Sometimes, in our quest to be successful and have impact, we may forget that titles and price tags are not the only qualifiers of success. Until we overcome the mindset that the road to success is measured by profit and titles, we will achieve very little in terms of making the world, the marketplace, society, or the environment a better place to live and work. I refer back to wisdom that has provided truth and results throughout the ages that we may need to remind ourselves of and reconsider.
Timeless scripture states: Let no one then seek his own good and advantage and profit, but rather each one of the other, let him seek the welfare of his neighbor.1
In fact, executives in many leading companies have come to the conclusion that impact and competitive advantage both come from being purpose driven, with a purpose that goes beyond profit.
This quote from Richard Branson, founder of Virgin Group with the title of knight and a price tag of $5.2 billion, highlights the importance of purpose beyond profit for companies and individuals who want to thrive and to make their brands known.
Higher purpose activates and shapes corporate culture, stakeholder engagement, and the models of corporate leadership. Companies that are purposefully inspiring evoke trust and engagement and are even loved by employees, suppliers, customers, and stakeholders, through conscious capitalism.2 Nobody denies the importance of profitability for the survival of a company, however, thriving and leading an industry is not derived from profitability alone, it is indeed derived from companies with a higher purpose and a competitive mindset that goes beyond mere profitability.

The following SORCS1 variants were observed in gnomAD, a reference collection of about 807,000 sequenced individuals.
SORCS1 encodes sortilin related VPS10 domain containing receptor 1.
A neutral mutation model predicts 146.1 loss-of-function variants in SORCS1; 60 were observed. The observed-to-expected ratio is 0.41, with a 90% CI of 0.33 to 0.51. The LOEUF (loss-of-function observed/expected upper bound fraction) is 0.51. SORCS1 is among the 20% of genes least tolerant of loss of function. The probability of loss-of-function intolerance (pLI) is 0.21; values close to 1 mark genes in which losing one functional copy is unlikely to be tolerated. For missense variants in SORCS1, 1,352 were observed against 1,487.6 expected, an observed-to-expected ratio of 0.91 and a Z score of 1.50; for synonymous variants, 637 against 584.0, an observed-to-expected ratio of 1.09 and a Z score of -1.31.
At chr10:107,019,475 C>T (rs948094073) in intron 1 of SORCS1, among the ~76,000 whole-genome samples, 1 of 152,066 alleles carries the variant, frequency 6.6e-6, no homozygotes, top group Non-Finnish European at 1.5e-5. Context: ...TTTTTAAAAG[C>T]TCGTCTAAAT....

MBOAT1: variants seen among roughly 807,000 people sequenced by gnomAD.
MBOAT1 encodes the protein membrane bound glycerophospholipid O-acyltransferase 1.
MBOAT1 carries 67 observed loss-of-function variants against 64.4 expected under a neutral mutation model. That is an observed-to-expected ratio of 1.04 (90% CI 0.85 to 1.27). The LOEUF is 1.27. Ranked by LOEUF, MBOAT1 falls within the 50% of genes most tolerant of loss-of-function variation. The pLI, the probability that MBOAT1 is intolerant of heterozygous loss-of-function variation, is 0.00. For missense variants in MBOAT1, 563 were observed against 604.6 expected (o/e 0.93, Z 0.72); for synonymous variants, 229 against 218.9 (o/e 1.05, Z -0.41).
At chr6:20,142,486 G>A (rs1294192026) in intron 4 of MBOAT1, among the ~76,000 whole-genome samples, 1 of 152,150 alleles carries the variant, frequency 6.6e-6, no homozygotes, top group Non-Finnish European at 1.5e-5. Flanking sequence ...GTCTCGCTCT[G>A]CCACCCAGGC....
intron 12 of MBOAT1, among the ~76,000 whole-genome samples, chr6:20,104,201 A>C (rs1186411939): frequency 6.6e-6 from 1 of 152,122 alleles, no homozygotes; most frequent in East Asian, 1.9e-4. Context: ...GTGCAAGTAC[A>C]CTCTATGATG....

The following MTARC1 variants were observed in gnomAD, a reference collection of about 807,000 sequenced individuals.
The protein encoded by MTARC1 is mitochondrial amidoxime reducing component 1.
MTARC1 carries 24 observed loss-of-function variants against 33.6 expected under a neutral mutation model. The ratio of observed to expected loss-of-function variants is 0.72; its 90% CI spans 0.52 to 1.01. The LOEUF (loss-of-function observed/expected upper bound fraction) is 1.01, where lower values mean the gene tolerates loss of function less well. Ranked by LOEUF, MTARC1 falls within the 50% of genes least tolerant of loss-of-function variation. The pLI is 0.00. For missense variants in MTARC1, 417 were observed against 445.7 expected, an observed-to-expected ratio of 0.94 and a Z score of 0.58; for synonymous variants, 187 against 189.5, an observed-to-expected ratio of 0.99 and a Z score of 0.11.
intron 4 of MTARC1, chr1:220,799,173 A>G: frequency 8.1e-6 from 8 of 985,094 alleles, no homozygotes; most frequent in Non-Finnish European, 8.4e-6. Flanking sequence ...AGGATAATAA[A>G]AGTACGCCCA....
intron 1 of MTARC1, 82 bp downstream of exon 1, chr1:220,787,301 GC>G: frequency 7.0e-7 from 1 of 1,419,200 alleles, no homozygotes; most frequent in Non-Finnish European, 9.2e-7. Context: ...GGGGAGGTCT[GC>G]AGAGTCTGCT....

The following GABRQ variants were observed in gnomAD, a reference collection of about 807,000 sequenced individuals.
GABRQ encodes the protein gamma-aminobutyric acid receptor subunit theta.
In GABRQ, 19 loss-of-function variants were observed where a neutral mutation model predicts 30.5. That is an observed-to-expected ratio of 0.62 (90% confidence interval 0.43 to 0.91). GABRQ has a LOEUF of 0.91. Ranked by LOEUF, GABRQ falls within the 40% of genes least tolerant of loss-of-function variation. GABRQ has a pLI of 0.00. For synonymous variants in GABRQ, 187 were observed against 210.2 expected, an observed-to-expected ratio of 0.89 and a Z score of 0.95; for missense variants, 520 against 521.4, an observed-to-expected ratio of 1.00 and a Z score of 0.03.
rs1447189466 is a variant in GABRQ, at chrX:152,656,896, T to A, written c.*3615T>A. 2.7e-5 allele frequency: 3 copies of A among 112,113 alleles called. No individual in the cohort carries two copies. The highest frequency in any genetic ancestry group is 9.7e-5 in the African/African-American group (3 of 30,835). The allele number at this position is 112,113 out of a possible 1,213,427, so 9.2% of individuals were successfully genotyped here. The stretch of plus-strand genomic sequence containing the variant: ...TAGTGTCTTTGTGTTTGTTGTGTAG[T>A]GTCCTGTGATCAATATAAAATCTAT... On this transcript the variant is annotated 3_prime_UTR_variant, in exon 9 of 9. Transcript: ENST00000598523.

While population ecologists in the business sciences have explored drivers of survival3, it is possible that drivers of thriving (and not merely surviving) may be quite counter intuitive. Shouldn’t a leading firm seek first its own good and competitive advantage and profitability? Can a firm actually thrive by putting the welfare of stakeholders, employees, and customers first? Recent research into business ecosystems suggests that this is indeed the case! Firms need to work with all of their stakeholders to create system wide value, which sometimes even includes competitors4! Successful firms like Starbucks put employee benefits at the top of it strategic plan and Starbucks even states: “We are performance driven, through the lens of humanity.5”
I would suggest that if we want to make the world, the marketplace, society, or the environment a better place to live and work perhaps the way to achieve this is not through narrowly pursuing a firm’s or individual’s good, competitive advantage, or profitability. If we want to make the world, the marketplace, society, or the environment a better place to live and work, this will be achieved through purposefully pursuing the welfare of one another (suppliers, customers, stakeholders, employees, and sometimes…even the welfare of competitors).
- Hannan, M. T., & Freeman, J. (1977). The population ecology of organizations. American journal of sociology, 929-964.
- Stolze, H.J., D.A. Mollenkopf, D.J. Flint (2016). “What is the Right Supply Chain for Your Shopper? Exploring the Shopper Service Ecosystem. Journal of Business Logistics. 1-13.